China’s Plenum Test November 2013 – TOKYO – There is something odd and disturbing about the conventional wisdom
surrounding the upcoming Third Plenum of the 18th Central Committee of the Chinese
Communist Party (CCP). As the November 9-12 conclave draws near, the international
community’s attention seems to be focused mainly on technocratic policy changes
deemed essential to restructuring China’s state-dominated economy and reenergizing

Will the government liberalize interest rates or loosen capital controls? How will
the fiscal system be revamped? Will land reform be part of the package?

The list of such questions goes on. Outside China, the prevalent view among business
leaders is that President Xi Jinping’s new administration has consolidated its power
and acquired enough authority to push through far-reaching economic reforms. He and
his colleagues need only to get the specific policies right.

On the surface, such thinking may seem reasonable. In China’s top-down political
system, a unified leadership is seen as fully capable of forcing the bureaucracy to
comply with its wishes. With Xi’s anti-corruption campaign in full swing, and the
example of Bo Xilai’s imprisonment serving as a warning to the new president’s
adversaries (no matter how senior they are), Chinese officials at all levels, it is
widely believed, are likely to toe the line.

Unfortunately, this view is both too sanguine and naïve. It overestimates the
effectiveness of anti-corruption campaigns in contemporary China (there have been
many in the last three decades), and it overlooks the political sources of the
country’s economic slowdown. While Xi’s efforts to cleanse the rot inside the
Chinese party-state should be applauded, it is no less important to recognize their

So far, Xi’s campaign has remained a conventional affair involving selective
prosecution. Given the central government’s well-known inability to enforce its
policies at the local level and the prevalence of tight-knit patronage networks in
Chinese provinces and cities, it is unrealistic to expect that the current
anti-corruption drive will produce significantly better results than in the past.

Indeed, the fight against corruption is at war with itself, because Xi is
simultaneously seeking to buttress one-party rule. But it is precisely the absence
of effective checks on the exercise of power that encourages and sustains rampant
corruption in the first place.

Optimism about the CCP’s ability to push through market-oriented reforms also
ignores the real obstacles to future growth and prosperity, which do not include a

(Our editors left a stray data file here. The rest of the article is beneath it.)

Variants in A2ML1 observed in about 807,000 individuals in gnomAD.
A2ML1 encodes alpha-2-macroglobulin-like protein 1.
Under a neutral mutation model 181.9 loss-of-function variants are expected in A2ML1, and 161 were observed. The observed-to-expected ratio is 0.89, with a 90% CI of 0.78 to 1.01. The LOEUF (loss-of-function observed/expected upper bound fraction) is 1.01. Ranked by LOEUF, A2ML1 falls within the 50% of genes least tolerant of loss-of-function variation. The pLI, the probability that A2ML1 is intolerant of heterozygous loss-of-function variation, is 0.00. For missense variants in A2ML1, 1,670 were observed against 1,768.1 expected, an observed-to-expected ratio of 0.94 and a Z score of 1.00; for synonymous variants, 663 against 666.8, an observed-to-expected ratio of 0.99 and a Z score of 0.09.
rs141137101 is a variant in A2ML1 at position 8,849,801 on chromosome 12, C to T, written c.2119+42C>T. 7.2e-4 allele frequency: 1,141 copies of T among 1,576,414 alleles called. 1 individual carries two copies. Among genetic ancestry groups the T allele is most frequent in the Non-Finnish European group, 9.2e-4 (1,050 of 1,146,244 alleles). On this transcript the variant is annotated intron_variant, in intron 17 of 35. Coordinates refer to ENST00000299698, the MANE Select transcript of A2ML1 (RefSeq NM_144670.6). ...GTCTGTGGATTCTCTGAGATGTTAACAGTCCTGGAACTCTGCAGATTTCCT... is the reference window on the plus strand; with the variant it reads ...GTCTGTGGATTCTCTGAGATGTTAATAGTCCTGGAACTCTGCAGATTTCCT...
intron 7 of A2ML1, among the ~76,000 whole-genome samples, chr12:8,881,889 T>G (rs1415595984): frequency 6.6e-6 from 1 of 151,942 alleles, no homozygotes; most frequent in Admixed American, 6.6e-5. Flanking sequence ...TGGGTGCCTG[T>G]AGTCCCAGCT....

lack of economic ideas or policy expertise; on the contrary, it is well known – even
obvious – what kind of economic reforms are needed.

What prevents China from pursuing these reforms is a combination of opposition from
powerful entrenched interest groups – state-owned enterprises, local governments,
the economic-policy bureaucracy, and family members of political elites and
well-connected businessmen – and flawed political institutions. Unless Xi and his
colleagues demonstrate their resolve to overcome such opposition and launch
comprehensive reforms, their chances of success are not high.

Compared with the two previous breakthroughs in reforming China’s economy, in 1978
and 1992, Xi faces a different environment and a much tougher challenge. Opponents
of Deng Xiaoping’s reforms were ideologically driven; they had no personal stake in
the Maoist political economy. Defeating them required building a winning coalition
within the party, discrediting the communist ideology, and rallying public support,
all of which Deng did.

Today, by contrast, members of the ruling elite benefit directly and immensely from
the state-dominated economy. Market-oriented reform, by leveling the competitive
playing field, would hurt their interests and reduce their privileges, making fierce
opposition likely. Only by mobilizing pressure outside the party-state can these
insiders be forced to accept some of the decentralizing and liberalizing reforms
that China’s economy needs.

At that point, China will have a better chance of improving its legal institutions,
increasing political accountability, strengthening protection of private property
rights, and making the government genuinely – in Mao’s words – “serve the people.”
Without real and significant political change, technocratic reform proposals will
treat only the symptoms of China’s economic malaise, without addressing its
underlying institutional causes.

In assessing the outcome of the Third Plenum, what observers should really be
looking for is evidence of a bold strategy for political reform. If Xi and his
colleagues produce no credible sign of such a commitment, everything else will be
eyewash – and skepticism about China’s fate under their leadership eventually will
be vindicated.

Minxin Pei is Professor of Government at Claremont McKenna College and a
non-resident senior fellow at the German Marshall Fund of the United States.

Project Syndicate, 2013.